David Poulin (Caltech)

Good Quantum Error Correcting Codes

QIPC07

26 / 28

Quantum sparse codes

Problems

More difficulties with decoding

Belief propagation is a qubit-wise decoding scheme. Sparse codes are by definition highly degenerate. Example Stabilizer generators S1 = XX and S2 = ZZ . Error X on second qubit: Acceptable corrections: IX , XI, ZY , or YZ .

By symmetry, we always have Pr1BP (σ) = Pr2BP (σ).

David Poulin (Caltech)

Good Quantum Error Correcting Codes

QIPC07

26 / 28

Quantum sparse codes

Problems

More difficulties with decoding

Belief propagation is a qubit-wise decoding scheme. Sparse codes are by definition highly degenerate. Example Stabilizer generators S1 = XX and S2 = ZZ . Error X on second qubit: Acceptable corrections: IX , XI, ZY , or YZ .

By symmetry, we always have Pr1BP (σ) = Pr2BP (σ).

David Poulin (Caltech)

Good Quantum Error Correcting Codes

QIPC07

26 / 28

Quantum sparse codes

Results

Bicycle codes 0

N = 800 and K = 400 (rate 21 ).

!2

Average qubit degree = 15. Check degree = 30.

!4 Basic Random perturbation Collision & freeze

!6 0.01

0.015

0.02

0.025

13 dB improvement due to decoding. 10−4 threshold around  = 0.014.

0.03

All observed errors are detected: caused by the decoder.

David Poulin (Caltech)

Good Quantum Error Correcting Codes

QIPC07

27 / 28

Quantum sparse codes

Results

Bicycle codes 0

N = 800 and K = 400 (rate 21 ).

!2

Average qubit degree = 15. Check degree = 30.

!4 Basic Random perturbation Collision & freeze

!6 0.01

0.015

0.02

0.025

13 dB improvement due to decoding. 10−4 threshold around  = 0.014.

0.03

All observed errors are detected: caused by the decoder.

David Poulin (Caltech)

Good Quantum Error Correcting Codes

QIPC07

27 / 28

Quantum sparse codes

Results

Bicycle codes 0

N = 800 and K = 400 (rate 21 ).

!2

Average qubit degree = 15. Check degree = 30.

!4 Basic Random perturbation Collision & freeze

!6 0.01

0.015

0.02

0.025

13 dB improvement due to decoding. 10−4 threshold around  = 0.014.

0.03

All observed errors are detected: caused by the decoder.

David Poulin (Caltech)

Good Quantum Error Correcting Codes

QIPC07

27 / 28

Quantum sparse codes

Results

Bicycle codes 0

N = 800 and K = 400 (rate 21 ).

!2

Average qubit degree = 15. Check degree = 30.

!4 Basic Random perturbation Collision & freeze

!6 0.01

0.015

0.02

0.025

13 dB improvement due to decoding. 10−4 threshold around  = 0.014.

0.03

All observed errors are detected: caused by the decoder.

David Poulin (Caltech)

Good Quantum Error Correcting Codes

QIPC07

27 / 28

Conclusion

Summary

The best classical coding schemes use Probabilistic code ensembles. Belief propagation decoding (sub-optimal heuristic).

These codes were commercially used long before they were proven to be good. Quantum turbo codes: Complete control of code design: N, R, m. Proof of high minimal distance requires too strong assumptions. Simulations: highest error threshold.

Sparse quantum codes: No systematic method to construct them. Problems with belief propagation decoding. Simulations using heuristic methods: outperform all algebraic codes. Biggest challenge remains decoding.

David Poulin (Caltech)

Good Quantum Error Correcting Codes

QIPC07

28 / 28

Conclusion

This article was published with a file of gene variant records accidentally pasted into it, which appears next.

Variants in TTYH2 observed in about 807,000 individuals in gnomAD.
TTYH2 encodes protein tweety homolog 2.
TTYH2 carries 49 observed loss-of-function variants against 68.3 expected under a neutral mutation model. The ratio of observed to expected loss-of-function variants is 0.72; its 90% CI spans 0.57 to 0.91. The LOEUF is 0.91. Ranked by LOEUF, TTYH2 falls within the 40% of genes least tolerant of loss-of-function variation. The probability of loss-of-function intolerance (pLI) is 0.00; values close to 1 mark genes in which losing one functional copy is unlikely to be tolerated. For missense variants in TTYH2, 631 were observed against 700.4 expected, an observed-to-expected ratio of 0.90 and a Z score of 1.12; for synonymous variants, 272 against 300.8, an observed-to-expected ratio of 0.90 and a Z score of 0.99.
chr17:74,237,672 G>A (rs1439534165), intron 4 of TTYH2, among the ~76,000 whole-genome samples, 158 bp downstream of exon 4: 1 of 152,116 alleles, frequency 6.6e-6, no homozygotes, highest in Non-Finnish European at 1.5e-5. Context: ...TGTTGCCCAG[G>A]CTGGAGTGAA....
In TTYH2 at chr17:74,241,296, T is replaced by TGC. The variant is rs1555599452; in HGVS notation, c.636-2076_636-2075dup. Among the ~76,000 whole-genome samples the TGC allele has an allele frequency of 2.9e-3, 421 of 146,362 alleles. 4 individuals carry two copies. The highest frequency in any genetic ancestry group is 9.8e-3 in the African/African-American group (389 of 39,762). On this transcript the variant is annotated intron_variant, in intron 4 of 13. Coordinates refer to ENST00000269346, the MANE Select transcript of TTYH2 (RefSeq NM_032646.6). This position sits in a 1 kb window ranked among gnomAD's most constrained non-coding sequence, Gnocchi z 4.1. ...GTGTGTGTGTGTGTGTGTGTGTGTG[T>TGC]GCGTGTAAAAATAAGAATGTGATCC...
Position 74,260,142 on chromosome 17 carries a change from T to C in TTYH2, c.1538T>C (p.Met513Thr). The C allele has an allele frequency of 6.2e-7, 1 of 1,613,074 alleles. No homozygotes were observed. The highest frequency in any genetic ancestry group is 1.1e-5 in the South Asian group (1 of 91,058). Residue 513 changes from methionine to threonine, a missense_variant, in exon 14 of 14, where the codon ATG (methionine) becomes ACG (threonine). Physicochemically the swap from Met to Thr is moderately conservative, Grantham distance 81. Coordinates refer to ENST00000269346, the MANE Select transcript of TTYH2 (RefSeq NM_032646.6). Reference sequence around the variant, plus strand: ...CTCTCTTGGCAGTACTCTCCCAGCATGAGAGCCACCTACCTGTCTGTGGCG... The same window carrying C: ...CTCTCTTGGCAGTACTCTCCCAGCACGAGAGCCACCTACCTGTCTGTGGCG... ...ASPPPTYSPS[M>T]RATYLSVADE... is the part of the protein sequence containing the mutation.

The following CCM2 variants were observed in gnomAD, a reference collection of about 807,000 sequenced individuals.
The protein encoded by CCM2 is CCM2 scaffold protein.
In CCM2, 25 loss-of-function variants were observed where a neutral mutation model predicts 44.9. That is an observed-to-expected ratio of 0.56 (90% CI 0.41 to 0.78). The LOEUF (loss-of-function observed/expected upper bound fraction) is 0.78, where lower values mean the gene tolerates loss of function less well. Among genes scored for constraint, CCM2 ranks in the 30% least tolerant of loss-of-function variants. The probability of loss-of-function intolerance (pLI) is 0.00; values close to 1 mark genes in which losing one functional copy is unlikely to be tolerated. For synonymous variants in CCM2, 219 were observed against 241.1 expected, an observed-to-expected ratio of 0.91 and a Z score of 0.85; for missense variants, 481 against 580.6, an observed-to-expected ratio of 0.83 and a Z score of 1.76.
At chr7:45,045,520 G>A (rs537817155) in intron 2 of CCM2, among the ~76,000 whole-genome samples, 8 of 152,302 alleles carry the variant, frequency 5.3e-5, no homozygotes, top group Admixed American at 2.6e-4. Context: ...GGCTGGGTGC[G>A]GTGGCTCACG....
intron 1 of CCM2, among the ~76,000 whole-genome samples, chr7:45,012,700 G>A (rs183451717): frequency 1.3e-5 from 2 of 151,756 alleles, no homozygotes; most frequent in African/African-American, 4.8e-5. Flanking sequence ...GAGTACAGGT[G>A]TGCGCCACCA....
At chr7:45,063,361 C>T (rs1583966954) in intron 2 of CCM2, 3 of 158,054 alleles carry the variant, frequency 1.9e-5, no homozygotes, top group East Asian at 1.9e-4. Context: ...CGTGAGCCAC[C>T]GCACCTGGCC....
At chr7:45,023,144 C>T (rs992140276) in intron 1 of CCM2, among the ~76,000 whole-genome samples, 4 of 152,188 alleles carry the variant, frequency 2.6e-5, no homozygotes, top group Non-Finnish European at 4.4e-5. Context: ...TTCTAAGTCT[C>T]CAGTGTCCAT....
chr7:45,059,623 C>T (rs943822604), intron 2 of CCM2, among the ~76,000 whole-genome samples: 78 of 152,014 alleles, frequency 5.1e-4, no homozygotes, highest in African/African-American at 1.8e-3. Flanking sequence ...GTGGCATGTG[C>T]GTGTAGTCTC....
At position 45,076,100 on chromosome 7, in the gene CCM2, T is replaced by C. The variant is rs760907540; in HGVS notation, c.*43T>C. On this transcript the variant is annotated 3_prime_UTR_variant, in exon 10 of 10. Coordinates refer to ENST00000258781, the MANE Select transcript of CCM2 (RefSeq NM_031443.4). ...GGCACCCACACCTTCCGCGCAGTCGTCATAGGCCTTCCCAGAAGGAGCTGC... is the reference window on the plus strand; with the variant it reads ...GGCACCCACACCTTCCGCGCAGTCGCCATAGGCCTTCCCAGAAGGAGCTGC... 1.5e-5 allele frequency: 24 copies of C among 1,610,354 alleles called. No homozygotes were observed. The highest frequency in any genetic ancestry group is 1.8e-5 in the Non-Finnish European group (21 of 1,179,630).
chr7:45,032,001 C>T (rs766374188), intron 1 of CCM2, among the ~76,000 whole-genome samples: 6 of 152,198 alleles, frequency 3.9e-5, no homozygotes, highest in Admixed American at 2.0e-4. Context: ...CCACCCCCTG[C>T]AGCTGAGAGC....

Summary

The best classical coding schemes use Probabilistic code ensembles. Belief propagation decoding (sub-optimal heuristic).

These codes were commercially used long before they were proven to be good. Quantum turbo codes: Complete control of code design: N, R, m. Proof of high minimal distance requires too strong assumptions. Simulations: highest error threshold.

Sparse quantum codes: No systematic method to construct them. Problems with belief propagation decoding. Simulations using heuristic methods: outperform all algebraic codes. Biggest challenge remains decoding.

David Poulin (Caltech)

Good Quantum Error Correcting Codes

QIPC07

28 / 28

Conclusion

Summary

The best classical coding schemes use Probabilistic code ensembles. Belief propagation decoding (sub-optimal heuristic).

These codes were commercially used long before they were proven to be good. Quantum turbo codes: Complete control of code design: N, R, m. Proof of high minimal distance requires too strong assumptions. Simulations: highest error threshold.

Sparse quantum codes: No systematic method to construct them. Problems with belief propagation decoding. Simulations using heuristic methods: outperform all algebraic codes. Biggest challenge remains decoding.

David Poulin (Caltech)

Good Quantum Error Correcting Codes

QIPC07

28 / 28

Conclusion

Summary

The best classical coding schemes use Probabilistic code ensembles. Belief propagation decoding (sub-optimal heuristic).

These codes were commercially used long before they were proven to be good. Quantum turbo codes: Complete control of code design: N, R, m. Proof of high minimal distance requires too strong assumptions. Simulations: highest error threshold.

Sparse quantum codes: No systematic method to construct them. Problems with belief propagation decoding. Simulations using heuristic methods: outperform all algebraic codes. Biggest challenge remains decoding.

David Poulin (Caltech)

Good Quantum Error Correcting Codes

QIPC07

28 / 28

Conclusion

Summary

The best classical coding schemes use Probabilistic code ensembles. Belief propagation decoding (sub-optimal heuristic).

These codes were commercially used long before they were proven to be good. Quantum turbo codes: Complete control of code design: N, R, m. Proof of high minimal distance requires too strong assumptions. Simulations: highest error threshold.

Sparse quantum codes: No systematic method to construct them. Problems with belief propagation decoding. Simulations using heuristic methods: outperform all algebraic codes. Biggest challenge remains decoding.

David Poulin (Caltech)

Good Quantum Error Correcting Codes

QIPC07

28 / 28

Conclusion

Summary

The best classical coding schemes use Probabilistic code ensembles. Belief propagation decoding (sub-optimal heuristic).

These codes were commercially used long before they were proven to be good. Quantum turbo codes: Complete control of code design: N, R, m. Proof of high minimal distance requires too strong assumptions. Simulations: highest error threshold.

Sparse quantum codes: No systematic method to construct them. Problems with belief propagation decoding. Simulations using heuristic methods: outperform all algebraic codes. Biggest challenge remains decoding.

David Poulin (Caltech)

Good Quantum Error Correcting Codes

QIPC07

28 / 28